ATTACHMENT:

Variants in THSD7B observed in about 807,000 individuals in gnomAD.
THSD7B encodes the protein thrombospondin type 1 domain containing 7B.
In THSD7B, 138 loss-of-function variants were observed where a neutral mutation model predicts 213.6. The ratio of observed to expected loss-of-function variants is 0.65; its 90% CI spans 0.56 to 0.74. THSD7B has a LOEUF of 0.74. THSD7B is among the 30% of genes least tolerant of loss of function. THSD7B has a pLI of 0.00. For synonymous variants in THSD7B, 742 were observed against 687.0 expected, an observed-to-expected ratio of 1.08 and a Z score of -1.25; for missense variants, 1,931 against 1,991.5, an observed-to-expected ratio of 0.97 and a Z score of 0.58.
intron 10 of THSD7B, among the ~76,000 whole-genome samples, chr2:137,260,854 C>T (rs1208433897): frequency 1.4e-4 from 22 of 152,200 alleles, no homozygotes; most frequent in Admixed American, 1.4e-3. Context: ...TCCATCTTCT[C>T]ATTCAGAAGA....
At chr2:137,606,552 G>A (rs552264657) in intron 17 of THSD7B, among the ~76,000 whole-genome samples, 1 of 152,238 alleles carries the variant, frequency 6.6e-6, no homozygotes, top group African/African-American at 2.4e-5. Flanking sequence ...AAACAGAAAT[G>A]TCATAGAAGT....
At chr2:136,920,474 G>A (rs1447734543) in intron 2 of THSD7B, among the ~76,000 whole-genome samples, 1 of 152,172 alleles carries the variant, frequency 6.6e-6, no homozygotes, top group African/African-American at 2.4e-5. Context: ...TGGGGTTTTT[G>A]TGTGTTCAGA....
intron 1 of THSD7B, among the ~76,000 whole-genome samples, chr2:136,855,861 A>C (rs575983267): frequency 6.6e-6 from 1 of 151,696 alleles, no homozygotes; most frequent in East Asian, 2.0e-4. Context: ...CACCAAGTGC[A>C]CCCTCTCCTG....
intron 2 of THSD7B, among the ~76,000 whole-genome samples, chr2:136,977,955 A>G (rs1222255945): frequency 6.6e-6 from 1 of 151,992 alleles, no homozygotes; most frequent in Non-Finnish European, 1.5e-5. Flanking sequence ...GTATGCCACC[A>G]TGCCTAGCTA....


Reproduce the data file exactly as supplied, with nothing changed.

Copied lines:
Variants in THSD7B observed in about 807,000 individuals in gnomAD.
THSD7B encodes the protein thrombospondin type 1 domain containing 7B.
In THSD7B, 138 loss-of-function variants were observed where a neutral mutation model predicts 213.6. The ratio of observed to expected loss-of-function variants is 0.65; its 90% CI spans 0.56 to 0.74. THSD7B has a LOEUF of 0.74. THSD7B is among the 30% of genes least tolerant of loss of function. THSD7B has a pLI of 0.00. For synonymous variants in THSD7B, 742 were observed against 687.0 expected, an observed-to-expected ratio of 1.08 and a Z score of -1.25; for missense variants, 1,931 against 1,991.5, an observed-to-expected ratio of 0.97 and a Z score of 0.58.
intron 10 of THSD7B, among the ~76,000 whole-genome samples, chr2:137,260,854 C>T (rs1208433897): frequency 1.4e-4 from 22 of 152,200 alleles, no homozygotes; most frequent in Admixed American, 1.4e-3. Context: ...TCCATCTTCT[C>T]ATTCAGAAGA....
At chr2:137,606,552 G>A (rs552264657) in intron 17 of THSD7B, among the ~76,000 whole-genome samples, 1 of 152,238 alleles carries the variant, frequency 6.6e-6, no homozygotes, top group African/African-American at 2.4e-5. Flanking sequence ...AAACAGAAAT[G>A]TCATAGAAGT....
At chr2:136,920,474 G>A (rs1447734543) in intron 2 of THSD7B, among the ~76,000 whole-genome samples, 1 of 152,172 alleles carries the variant, frequency 6.6e-6, no homozygotes, top group African/African-American at 2.4e-5. Context: ...TGGGGTTTTT[G>A]TGTGTTCAGA....
intron 1 of THSD7B, among the ~76,000 whole-genome samples, chr2:136,855,861 A>C (rs575983267): frequency 6.6e-6 from 1 of 151,696 alleles, no homozygotes; most frequent in East Asian, 2.0e-4. Context: ...CACCAAGTGC[A>C]CCCTCTCCTG....
intron 2 of THSD7B, among the ~76,000 whole-genome samples, chr2:136,977,955 A>G (rs1222255945): frequency 6.6e-6 from 1 of 151,992 alleles, no homozygotes; most frequent in Non-Finnish European, 1.5e-5. Flanking sequence ...GTATGCCACC[A>G]TGCCTAGCTA....